Remember this from the Statement?
To support a stronger economic recovery and to help ensure that inflation, over time, is at the rate most consistent with its dual mandate, the Committee will continue purchasing additional agency mortgage-backed securities at a pace of $40 billion per month. The Committee also will purchase longer-term Treasury securities after its program to extend the average maturity of its holdings of Treasury securities is completed at the end of the year, initially at a pace of $45 billion per month. The Committee is maintaining its existing policy of reinvesting principal payments from its holdings of agency debt and agency mortgage-backed securities in agency mortgage-backed securities and, in January, will resume rolling over maturing Treasury securities at auction. Taken together, these actions should maintain downward pressure on longer-term interest rates, support mortgage markets, and help to make broader financial conditions more accommodative.
Yeah, $1 trillion, roughly, annualized. Except that....
While almost all members thought that the asset purchase program begun in September had been effective and supportive of growth, they also generally saw that the benefits of ongoing purchases were uncertain and that the potential costs could rise as the size of the balance sheet increased. Various members stressed the importance of a continuing assessment of labor market developments and reviews of the program's efficacy and costs at upcoming FOMC meetings. In considering the outlook for the labor market and the broader economy, a few members expressed the view that ongoing asset purchases would likely be warranted until about the end of 2013, while a few others emphasized the need for considerable policy accommodation but did not state a specific time frame or total for purchases. Several others thought that it would probably be appropriate to slow or to stop purchases well before the end of 2013, citing concerns about financial stability or the size of the balance sheet. One member viewed any additional purchases as unwarranted.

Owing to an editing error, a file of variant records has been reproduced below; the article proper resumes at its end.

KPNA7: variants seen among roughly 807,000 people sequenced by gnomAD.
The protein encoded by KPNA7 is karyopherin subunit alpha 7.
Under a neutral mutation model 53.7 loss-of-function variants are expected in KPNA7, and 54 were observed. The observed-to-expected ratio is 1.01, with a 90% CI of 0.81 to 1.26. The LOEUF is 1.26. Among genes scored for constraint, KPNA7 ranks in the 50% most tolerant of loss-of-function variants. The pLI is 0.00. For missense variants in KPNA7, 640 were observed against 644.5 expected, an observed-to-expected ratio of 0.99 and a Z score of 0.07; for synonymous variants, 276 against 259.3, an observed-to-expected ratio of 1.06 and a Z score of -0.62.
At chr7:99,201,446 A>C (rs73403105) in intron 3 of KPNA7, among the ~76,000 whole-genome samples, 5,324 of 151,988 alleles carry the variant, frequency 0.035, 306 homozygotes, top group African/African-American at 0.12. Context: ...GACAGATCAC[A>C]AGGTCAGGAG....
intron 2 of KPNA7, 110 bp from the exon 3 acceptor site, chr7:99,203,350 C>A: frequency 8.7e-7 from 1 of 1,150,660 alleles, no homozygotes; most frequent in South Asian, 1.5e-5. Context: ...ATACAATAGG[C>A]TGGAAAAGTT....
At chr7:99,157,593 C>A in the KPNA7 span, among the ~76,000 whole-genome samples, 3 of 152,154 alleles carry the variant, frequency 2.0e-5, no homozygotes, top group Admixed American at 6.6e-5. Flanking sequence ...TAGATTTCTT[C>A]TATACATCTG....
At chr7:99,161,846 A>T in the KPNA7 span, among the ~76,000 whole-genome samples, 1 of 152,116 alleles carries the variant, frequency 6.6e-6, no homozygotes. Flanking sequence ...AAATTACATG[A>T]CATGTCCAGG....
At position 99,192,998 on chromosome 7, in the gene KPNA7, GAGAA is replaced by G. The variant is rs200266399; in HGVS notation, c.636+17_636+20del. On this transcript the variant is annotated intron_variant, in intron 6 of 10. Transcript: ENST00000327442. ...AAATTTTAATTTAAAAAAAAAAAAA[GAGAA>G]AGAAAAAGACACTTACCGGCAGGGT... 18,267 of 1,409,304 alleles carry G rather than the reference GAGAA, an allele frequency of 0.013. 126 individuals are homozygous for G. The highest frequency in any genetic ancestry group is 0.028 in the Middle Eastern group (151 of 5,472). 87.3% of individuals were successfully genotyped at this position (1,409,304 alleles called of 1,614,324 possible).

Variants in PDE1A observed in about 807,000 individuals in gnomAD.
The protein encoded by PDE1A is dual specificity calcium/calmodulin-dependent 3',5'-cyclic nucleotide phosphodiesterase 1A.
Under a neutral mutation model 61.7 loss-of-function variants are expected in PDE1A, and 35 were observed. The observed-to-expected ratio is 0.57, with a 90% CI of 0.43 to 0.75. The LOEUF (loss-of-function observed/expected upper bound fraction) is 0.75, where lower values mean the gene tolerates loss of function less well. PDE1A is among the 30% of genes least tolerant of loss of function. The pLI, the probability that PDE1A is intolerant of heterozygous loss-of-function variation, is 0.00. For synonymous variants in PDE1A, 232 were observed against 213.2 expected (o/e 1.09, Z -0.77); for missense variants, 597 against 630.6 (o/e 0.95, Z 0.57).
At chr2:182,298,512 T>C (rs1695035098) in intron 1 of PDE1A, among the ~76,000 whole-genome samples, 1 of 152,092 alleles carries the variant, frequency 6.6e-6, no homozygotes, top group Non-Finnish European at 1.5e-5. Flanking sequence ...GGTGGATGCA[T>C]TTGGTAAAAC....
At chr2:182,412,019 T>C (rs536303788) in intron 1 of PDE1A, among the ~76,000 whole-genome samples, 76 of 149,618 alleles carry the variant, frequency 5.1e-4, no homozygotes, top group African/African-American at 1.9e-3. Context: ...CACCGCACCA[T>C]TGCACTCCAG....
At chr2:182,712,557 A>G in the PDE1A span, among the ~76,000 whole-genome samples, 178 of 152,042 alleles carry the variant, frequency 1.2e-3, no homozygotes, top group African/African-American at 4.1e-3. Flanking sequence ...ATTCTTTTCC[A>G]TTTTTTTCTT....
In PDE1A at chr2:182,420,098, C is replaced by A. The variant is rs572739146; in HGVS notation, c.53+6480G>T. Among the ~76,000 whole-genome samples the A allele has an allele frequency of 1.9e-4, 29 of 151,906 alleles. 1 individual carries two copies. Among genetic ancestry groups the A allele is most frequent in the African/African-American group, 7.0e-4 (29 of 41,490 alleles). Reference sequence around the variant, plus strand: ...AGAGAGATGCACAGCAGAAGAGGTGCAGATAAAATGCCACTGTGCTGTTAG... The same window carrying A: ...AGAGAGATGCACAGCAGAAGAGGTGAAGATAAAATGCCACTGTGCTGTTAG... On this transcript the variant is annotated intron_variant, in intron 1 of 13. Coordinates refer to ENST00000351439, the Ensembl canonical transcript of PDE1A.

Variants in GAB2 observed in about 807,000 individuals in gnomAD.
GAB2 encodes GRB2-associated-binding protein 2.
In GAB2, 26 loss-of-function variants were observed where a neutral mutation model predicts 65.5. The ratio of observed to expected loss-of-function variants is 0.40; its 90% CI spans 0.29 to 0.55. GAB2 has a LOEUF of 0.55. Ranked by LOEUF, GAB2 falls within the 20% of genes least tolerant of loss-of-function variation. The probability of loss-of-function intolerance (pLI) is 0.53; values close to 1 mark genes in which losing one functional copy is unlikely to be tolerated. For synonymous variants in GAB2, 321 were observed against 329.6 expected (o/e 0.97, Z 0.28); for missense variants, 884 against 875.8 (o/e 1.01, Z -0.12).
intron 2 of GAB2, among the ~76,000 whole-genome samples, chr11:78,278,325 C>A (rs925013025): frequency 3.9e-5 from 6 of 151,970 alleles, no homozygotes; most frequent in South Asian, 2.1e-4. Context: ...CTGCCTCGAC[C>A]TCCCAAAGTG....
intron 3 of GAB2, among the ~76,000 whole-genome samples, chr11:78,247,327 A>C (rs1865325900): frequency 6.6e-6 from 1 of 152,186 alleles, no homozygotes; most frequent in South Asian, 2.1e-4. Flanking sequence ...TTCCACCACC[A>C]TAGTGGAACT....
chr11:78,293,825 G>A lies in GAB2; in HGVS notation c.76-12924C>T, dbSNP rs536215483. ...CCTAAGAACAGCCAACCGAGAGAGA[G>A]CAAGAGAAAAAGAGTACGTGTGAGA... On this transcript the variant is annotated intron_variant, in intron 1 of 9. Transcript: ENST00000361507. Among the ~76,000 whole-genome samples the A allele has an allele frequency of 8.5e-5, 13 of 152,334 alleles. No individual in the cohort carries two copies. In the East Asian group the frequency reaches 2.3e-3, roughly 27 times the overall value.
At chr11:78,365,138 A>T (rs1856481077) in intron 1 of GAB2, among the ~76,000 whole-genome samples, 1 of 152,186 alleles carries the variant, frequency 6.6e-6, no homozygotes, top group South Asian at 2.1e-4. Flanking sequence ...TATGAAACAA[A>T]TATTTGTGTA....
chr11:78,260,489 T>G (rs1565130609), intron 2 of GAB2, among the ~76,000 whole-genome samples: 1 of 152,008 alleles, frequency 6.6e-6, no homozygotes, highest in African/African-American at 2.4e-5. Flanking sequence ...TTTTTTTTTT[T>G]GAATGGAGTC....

But but but..... everyone took the statement as meaning that 2015 was the minimum target before policy accomodation would end -- that is, Bernanke would monetize at least $2 trillion more, and probably more like $3 trillion.
Not so fast Kemosabe!
It appears that The FOMC sees what I and a few others have been talking about for a couple of years now -- that these "asset purchases" are not particularly effective (other than in boosting stock prices) and the larger the imbalance that The Fed builds into the economy and the markets the more difficult it will be to withdraw that policy, because exponents are a bitch.
By the way, these aren't actually "minutes." We don't know who said what, precisely. Indeed, we don't even know if the alleged "minutes" reflect what was really said at all, and we have seen when the actual minutes are released (many years later) that in point of fact some members of the FOMC have said things that aren't exactly coherent with the so-called "minutes" released a month after the meeting.
But in this case memory lane is short enough for people to pay attention, since the FOMC decision came just a few weeks ago, as did the presser, and both the statement and Bernanke led the market to believe that they would simply stand on the gas -- and the FOMC was not only behind him on this with the exception of his one dissenter, they saw this as appropriate through 2015 or maybe even later.
Now add to this the debt ceiling and suddenly things get very interesting, and the bond market appears to have figured that out rather..... "rapidly."
This could, in turn, make the interest expense for the Federal Government rather..... "interesting" if they don't cut the crap.
Heh Boehner, Pelosi, Reid, McConnell and Obama:
That's the Chrysler Building you feel up your butt. I hope you enjoy it.
Where We Are, Where We're Heading (2013) - The annual 2013 Ticker
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